The PNG solution: cruel to be … cruel
By Sarah Joseph, Monash University
Much of the criticism of the PNG solution has focused on apparent inadequacies in PNG laws, economy, and infrastructure in settling refugees, and its crime rate. But let us be clear. The PNG solution is designed to stop the boats from coming. If it succeeds, of which there must be serious doubts, those issues will be irrelevant. The PNG solution is not practically sustainable should the boats not slow. At some point, PNG will say no to the carrot of massive aid and return our refugee “burden” to us.
The main justification for such an unprecedented and harsh approach, according to many in the ALP, is that it must be cruel to be kind. That is, the boats must be stopped in order to stop the drownings. And this is a powerful argument – who supports drownings? Nor do I doubt the bona fides of many making the argument – many people support this policy for the humane reason that they cannot stand the idea of more people, especially children, drowning off our shores.
And yes, if the boats stop, refugees will not drown off our shores. But, overall, will lives be saved? The intense demonization of people smugglers by politicians is blinding us to the agency and humanity of their clients. Asylum-seekers, most of whom are refugees despite the politicking of Bob Carr, are choosing to get on these boats. They choose because they have few viable choices.
Their homeland is dangerous – returning or never leaving (an option which may increase with the shutdown of boats to Australia) can lead to death – just not off our shores. This photo, widely circulated on social media, demonstrates the absurdity of Australia’s advertising over the harshness of its regime in comparison with the barbarity of the Taliban for many Afghan refugees.
Indonesia and other transit countries are limbo. Jessie Taylor’s film, Between the Devil and the Deep Blue Sea, details the desperation of the asylum-seekers stuck in that country, with no hope for the future, even if they are fortunate enough to have been assessed as a refugee by the poorly resourced UNHCR program there. In fact the majority may well not get on a boat. But many choose to – they are not unaware of the dangers but they prefer the risk to ongoing limbo. Our insistence that they must not get on boats may seem compassionate but it is also the sanctimony of the safe and the rich.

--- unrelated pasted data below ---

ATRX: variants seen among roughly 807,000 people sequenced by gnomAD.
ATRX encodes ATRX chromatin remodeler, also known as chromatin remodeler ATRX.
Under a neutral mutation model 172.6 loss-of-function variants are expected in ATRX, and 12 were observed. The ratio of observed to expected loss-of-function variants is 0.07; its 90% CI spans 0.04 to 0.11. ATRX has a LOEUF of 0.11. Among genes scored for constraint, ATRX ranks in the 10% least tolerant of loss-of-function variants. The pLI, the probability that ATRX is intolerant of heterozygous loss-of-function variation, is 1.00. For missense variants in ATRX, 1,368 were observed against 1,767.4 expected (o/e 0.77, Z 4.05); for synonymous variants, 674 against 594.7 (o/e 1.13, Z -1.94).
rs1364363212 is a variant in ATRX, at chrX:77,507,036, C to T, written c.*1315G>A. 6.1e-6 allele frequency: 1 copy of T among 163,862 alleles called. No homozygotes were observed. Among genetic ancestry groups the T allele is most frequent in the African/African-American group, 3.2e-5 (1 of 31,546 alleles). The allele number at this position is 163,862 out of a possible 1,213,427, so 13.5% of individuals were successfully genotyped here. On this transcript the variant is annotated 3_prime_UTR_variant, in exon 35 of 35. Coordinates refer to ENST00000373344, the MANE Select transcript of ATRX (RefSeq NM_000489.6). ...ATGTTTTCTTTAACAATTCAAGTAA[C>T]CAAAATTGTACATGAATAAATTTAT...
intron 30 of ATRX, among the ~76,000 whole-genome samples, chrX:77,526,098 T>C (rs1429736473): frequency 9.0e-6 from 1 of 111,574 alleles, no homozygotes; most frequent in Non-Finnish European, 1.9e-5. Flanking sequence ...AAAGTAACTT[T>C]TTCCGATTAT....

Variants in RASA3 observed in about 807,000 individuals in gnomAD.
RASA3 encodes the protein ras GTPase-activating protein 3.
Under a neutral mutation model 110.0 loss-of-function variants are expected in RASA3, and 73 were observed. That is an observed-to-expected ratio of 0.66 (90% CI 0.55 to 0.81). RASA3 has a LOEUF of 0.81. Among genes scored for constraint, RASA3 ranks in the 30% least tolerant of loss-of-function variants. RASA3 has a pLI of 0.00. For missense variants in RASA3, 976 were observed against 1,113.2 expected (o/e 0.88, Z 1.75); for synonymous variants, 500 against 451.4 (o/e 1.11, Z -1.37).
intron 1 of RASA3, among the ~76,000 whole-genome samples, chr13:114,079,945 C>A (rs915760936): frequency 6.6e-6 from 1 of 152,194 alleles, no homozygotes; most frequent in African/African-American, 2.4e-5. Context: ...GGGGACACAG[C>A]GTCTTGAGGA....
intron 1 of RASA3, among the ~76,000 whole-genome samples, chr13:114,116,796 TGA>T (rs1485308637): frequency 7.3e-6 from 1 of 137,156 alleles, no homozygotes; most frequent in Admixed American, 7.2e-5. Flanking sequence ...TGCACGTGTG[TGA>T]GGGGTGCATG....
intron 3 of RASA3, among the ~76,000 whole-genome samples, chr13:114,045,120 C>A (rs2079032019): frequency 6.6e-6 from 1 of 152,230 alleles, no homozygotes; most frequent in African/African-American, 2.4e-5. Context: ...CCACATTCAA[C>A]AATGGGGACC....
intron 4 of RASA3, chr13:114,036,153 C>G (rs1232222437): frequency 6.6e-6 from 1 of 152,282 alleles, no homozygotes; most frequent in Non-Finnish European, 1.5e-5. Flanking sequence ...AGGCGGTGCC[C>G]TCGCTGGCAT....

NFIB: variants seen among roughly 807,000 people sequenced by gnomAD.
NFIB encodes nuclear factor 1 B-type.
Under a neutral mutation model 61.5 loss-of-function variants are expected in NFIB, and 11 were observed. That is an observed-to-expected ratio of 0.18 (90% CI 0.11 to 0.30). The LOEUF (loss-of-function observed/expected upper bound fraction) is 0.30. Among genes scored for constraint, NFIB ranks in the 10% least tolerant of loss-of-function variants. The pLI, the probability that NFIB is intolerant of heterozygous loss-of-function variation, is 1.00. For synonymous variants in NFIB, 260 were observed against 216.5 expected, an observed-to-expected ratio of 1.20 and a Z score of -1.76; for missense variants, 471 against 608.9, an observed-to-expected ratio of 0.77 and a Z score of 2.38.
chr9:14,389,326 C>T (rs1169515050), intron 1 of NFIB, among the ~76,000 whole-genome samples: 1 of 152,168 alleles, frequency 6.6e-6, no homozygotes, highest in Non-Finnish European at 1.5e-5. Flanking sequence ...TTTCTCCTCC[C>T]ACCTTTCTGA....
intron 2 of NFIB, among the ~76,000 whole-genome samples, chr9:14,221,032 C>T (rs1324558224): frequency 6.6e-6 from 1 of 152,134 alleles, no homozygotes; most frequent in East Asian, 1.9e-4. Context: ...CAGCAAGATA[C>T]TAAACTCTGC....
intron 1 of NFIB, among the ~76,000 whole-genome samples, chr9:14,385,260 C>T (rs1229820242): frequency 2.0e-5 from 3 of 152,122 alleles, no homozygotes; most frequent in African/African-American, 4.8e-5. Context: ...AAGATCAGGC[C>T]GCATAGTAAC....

And of course there is the “queue”, presumably the bursting refugee camps spread over the world. There is no legal obligation for refugees to go to a camp – nor are there signs and necessarily safe passages to such places. And then when one gets there – more limbo. Indeed, if Australia really bought into the idea of a queue, it would choose people purely on the basis of length of time in these camps. Yet we don’t. In these camps there is also often disease, crime, disasters and death. But death that does not occur off our shores.
While Kevin Rudd and others may gesticulate over the “merchants of death” aka people-smugglers, they have a product that offers desperate people a chance at a viable and happy future. And they will continue to sell that product, to other venues, if the boats to Australia cease. And people will die crossing land and sea – just not off our shores.
So personally, I do not believe these policies will save lives. But I am pretty sure they will ruin them.
Sarah Joseph does not work for, consult to, own shares in or receive funding from any company or organisation that would benefit from this article, and has no relevant affiliations.
This article was originally published at The Conversation.
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